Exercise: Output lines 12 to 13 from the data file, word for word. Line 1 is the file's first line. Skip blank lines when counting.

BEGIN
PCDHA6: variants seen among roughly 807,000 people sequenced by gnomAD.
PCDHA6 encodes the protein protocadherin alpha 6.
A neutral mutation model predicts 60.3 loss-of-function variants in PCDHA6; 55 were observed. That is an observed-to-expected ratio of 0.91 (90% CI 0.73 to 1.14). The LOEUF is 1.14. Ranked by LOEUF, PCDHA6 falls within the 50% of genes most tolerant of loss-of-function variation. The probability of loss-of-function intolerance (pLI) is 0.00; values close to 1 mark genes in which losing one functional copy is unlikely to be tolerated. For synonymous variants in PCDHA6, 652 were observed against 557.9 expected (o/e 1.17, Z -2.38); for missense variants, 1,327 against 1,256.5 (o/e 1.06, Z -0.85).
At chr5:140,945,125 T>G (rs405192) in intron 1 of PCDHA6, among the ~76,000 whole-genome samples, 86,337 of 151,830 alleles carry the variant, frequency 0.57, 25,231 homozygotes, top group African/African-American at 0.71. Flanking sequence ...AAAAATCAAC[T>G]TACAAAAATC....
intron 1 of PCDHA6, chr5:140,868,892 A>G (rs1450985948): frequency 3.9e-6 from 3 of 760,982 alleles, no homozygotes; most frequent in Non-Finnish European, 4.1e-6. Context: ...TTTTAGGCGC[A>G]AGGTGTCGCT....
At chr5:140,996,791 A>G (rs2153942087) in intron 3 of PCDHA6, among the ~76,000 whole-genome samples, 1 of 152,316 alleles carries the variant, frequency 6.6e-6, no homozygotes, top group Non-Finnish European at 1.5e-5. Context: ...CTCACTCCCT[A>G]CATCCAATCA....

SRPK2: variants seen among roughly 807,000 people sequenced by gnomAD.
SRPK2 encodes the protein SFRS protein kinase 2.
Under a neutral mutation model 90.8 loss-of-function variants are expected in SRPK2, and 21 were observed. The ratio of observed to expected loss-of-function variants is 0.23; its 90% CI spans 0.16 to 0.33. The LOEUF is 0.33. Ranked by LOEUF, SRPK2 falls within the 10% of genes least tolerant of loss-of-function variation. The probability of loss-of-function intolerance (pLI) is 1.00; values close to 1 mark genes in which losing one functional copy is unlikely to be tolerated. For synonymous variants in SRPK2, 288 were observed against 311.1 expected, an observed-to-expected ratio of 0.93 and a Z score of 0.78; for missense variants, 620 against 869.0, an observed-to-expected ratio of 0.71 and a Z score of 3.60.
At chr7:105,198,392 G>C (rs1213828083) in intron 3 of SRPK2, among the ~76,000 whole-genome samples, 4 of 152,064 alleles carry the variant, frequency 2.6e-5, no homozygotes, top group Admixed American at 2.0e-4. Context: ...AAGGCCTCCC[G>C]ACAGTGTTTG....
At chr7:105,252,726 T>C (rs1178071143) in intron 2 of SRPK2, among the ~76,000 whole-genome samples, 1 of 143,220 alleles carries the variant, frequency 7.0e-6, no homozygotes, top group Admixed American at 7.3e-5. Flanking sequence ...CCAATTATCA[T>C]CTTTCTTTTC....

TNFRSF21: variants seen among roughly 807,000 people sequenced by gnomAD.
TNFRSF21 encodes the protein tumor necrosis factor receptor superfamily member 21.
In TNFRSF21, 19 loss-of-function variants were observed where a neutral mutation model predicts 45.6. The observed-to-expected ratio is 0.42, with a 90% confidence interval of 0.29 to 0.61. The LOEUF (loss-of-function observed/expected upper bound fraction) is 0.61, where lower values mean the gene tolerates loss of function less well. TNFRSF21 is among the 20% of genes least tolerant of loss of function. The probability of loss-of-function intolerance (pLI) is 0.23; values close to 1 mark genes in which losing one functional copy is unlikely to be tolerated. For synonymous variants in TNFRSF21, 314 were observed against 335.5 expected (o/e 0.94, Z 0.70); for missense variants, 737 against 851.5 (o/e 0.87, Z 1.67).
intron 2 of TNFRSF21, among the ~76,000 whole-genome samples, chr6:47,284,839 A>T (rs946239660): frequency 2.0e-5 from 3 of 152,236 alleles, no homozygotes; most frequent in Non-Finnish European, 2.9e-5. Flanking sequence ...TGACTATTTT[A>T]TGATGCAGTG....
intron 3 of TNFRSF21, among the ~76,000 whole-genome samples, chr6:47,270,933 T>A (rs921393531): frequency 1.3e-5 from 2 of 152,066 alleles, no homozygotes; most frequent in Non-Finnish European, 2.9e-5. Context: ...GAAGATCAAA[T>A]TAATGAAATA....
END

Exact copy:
TNFRSF21: variants seen among roughly 807,000 people sequenced by gnomAD.
TNFRSF21 encodes the protein tumor necrosis factor receptor superfamily member 21.